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The ex-Olympic resort of Hakuba

Access all areas
The quickest way to get to both the Niigata and Nagano areas is by train, but driving is also an option using the Kanetsu expressway and Joshinetsu expressway. The Kanetsu expressway goes from the Nerima Interchange in northwest Tokyo through Yuzawa town into Niigata Prefecture, and with clear roads (by no means guaranteed on a winter weekend) the drive to Yuzawa can take under two hours. For the Nagano region, leave the Kanetsu expressway onto the Joshinetsu expressway which goes directly to Nagano City.

Other regions
Other recommended places within (fairly) easy reach of Tokyo include Zao Onsen (Yamagata Prefecture) and Hunter Mountain (Tochigi Prefecture). Zao Onsen first opened as a ski resort in the 1920s. It is an interesting mountain serviced by over 40 high-speed quad lifts, gondolas and ropeways. It can get bitterly cold, but the trip to the top is a must to see the famous snow monsters. Coatings of ice make the trees resemble "monsters" which are synonymous with Zao. There are only a few runs suited to advanced skiers, but otherwise it is highly recommended. Zao can be reached using the Yamagata shinkansen from Tokyo station in about two and a half hours.

Hunter Mountain in Tochigi Prefecture is billed as an American-style resort, inspired by the place of the same name near New York. It is perfect for a day or two - good snow, well laid-out courses and lifts and some long wide runs suitable for beginners and intermediates. Hunter Mountain is quite easy to get to by car - about 28km from the Nishinasuno Shiobara Interchange of the Tohoku expressway using route 400. By train, take the Tohoku shinkansen to Nishi Nasuno and then a bus to the resort, which takes about one hour.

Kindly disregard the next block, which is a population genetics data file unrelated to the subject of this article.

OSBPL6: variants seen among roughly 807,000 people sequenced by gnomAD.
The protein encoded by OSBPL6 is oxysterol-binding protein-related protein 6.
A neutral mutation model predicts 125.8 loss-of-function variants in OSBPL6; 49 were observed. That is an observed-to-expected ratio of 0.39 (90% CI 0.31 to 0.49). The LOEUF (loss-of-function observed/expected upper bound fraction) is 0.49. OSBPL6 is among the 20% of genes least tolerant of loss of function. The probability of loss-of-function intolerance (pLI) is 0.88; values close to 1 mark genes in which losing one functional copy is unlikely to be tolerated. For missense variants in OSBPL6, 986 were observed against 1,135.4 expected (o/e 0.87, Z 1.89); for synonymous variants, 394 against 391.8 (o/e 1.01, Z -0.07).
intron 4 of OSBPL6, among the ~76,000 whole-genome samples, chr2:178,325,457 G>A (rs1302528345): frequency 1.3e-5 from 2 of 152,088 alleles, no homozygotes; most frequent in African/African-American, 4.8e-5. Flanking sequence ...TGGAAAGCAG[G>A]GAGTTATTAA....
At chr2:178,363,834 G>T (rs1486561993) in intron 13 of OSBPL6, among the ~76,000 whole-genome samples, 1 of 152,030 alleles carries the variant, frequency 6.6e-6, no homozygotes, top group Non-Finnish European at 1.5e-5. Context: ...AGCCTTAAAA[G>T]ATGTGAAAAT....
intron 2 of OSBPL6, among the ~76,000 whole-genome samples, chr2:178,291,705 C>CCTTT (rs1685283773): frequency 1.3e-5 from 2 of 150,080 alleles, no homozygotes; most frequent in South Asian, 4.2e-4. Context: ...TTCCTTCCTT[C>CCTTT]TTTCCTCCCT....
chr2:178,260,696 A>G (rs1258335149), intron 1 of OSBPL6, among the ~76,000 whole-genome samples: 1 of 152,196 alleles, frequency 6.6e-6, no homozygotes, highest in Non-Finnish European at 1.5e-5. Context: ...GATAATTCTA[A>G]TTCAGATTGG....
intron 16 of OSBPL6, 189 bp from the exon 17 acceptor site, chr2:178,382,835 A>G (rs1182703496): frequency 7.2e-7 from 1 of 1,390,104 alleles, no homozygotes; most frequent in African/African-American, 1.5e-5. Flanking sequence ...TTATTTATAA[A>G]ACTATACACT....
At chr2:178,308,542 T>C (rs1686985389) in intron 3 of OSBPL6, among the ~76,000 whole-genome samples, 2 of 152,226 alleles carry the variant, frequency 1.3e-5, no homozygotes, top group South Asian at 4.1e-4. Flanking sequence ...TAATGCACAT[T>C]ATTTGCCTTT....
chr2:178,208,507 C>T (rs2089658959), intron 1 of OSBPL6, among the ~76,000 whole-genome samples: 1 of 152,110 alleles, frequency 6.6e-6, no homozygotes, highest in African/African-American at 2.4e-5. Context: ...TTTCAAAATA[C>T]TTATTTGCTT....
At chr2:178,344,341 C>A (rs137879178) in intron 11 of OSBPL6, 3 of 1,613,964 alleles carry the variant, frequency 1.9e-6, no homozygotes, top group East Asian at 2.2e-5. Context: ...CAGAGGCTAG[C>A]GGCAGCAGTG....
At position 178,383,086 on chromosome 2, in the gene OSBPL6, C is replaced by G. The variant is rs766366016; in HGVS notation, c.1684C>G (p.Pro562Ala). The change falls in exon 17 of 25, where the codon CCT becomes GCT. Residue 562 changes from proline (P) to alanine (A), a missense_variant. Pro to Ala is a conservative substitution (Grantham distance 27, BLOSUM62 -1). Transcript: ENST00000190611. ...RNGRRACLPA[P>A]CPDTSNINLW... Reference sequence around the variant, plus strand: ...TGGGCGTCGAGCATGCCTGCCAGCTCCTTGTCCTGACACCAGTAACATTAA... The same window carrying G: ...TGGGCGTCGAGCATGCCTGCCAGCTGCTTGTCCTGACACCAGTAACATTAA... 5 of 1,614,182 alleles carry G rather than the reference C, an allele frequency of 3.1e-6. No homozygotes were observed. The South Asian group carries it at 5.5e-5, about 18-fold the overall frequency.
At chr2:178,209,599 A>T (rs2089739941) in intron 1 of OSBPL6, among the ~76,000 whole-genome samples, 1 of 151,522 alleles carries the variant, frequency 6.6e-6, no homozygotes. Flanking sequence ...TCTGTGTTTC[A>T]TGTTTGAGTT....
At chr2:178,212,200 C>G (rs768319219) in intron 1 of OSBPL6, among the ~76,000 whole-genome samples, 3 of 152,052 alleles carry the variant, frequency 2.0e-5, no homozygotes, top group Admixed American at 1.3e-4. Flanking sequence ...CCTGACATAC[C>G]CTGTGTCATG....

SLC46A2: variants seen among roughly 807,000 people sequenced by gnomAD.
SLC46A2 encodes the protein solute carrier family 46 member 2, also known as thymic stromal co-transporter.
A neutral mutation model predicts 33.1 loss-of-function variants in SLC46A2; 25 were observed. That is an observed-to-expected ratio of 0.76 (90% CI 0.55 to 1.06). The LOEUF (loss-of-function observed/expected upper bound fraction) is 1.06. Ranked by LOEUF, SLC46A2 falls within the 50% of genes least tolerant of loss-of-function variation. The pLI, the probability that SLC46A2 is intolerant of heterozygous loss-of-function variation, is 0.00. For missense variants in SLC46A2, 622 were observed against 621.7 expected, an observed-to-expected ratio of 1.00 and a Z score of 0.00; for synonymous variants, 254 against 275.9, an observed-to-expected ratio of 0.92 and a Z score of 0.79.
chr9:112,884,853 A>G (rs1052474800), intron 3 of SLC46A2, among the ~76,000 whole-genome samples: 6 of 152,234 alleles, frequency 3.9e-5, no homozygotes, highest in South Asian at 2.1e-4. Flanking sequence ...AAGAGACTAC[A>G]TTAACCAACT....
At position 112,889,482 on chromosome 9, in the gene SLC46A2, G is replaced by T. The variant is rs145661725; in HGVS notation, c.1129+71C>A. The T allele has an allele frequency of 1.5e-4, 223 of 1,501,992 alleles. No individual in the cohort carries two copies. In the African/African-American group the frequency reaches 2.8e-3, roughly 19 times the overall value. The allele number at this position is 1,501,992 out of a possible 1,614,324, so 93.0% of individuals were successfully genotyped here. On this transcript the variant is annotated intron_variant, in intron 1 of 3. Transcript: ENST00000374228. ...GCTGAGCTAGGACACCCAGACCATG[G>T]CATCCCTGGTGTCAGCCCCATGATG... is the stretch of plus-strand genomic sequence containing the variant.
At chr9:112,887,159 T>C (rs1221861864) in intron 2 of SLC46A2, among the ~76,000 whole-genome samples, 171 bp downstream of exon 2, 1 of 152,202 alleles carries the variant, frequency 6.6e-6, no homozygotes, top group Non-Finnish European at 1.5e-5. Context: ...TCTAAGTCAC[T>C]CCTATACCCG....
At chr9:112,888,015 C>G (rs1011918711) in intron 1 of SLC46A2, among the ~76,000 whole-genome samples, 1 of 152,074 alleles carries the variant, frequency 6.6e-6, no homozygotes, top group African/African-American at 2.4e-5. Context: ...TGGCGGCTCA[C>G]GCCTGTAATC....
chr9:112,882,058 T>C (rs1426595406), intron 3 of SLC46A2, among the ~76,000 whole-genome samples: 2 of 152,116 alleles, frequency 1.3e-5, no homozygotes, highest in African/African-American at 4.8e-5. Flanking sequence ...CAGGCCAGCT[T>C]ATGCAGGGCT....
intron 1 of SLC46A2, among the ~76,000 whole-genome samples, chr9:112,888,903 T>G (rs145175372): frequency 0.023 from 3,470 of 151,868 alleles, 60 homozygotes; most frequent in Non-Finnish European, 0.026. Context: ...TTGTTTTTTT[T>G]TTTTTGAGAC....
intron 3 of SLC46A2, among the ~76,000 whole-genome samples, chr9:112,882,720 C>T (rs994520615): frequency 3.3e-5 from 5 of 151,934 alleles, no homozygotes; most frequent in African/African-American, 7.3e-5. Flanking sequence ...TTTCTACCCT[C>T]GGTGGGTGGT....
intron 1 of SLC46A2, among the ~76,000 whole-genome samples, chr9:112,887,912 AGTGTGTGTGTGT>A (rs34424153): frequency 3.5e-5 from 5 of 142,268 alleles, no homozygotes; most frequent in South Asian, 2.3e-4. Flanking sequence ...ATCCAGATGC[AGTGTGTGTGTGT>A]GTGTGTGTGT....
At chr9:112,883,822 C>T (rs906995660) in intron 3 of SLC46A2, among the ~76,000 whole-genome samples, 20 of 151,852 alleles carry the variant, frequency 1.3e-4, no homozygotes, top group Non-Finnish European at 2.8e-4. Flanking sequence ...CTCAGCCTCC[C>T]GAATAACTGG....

Still further from Tokyo are the resorts in the northern prefecture of Iwate (Tohoku shinkansen to Morioka). Two notable resorts are Appi Kogen and Shizukuishi. Appi Kogen is a first-class resort but, again, with limited courses suited to advanced skiers and snowboarders. Shizukuishi is another good all-round resort, but don't forget your woolies as it gets very cold up there.

Information
Information on the Japanese winter sports scene in English is scarce. A few travel agencies organize tours and take bookings in English, one being Beltop Travel Service in Tokyo (03-3544-0939, www.beltop.com) which specializes in tours to Hokkaido (see Travel on p 8 for more details). Another source is the book "Ski Japan," published by Kodansha, which provides some good, if a little dated, information (it also neglects the snowboarding scene). Probably the most useful source of information for foreigners is the (unrelated) Ski Japan website (www.skijapanguide.com) which is new this season. The site has full details on the ski and snowboard season, and is updated daily with weather and snow condition reports from three of the main winter sports regions. There are extensive details on over 80 resorts all over Japan and a section recommending some good, reasonable places to stay near the main resorts, with booking information online. In addition, there are details on how to get to resort regions (even including train timetables!), and an active bulletin board where you can exchange views and read what others are saying. There is also an "interactive" section where readers can contribute by sending in stories, information and experiences from skiing and snowboarding trips around Japan.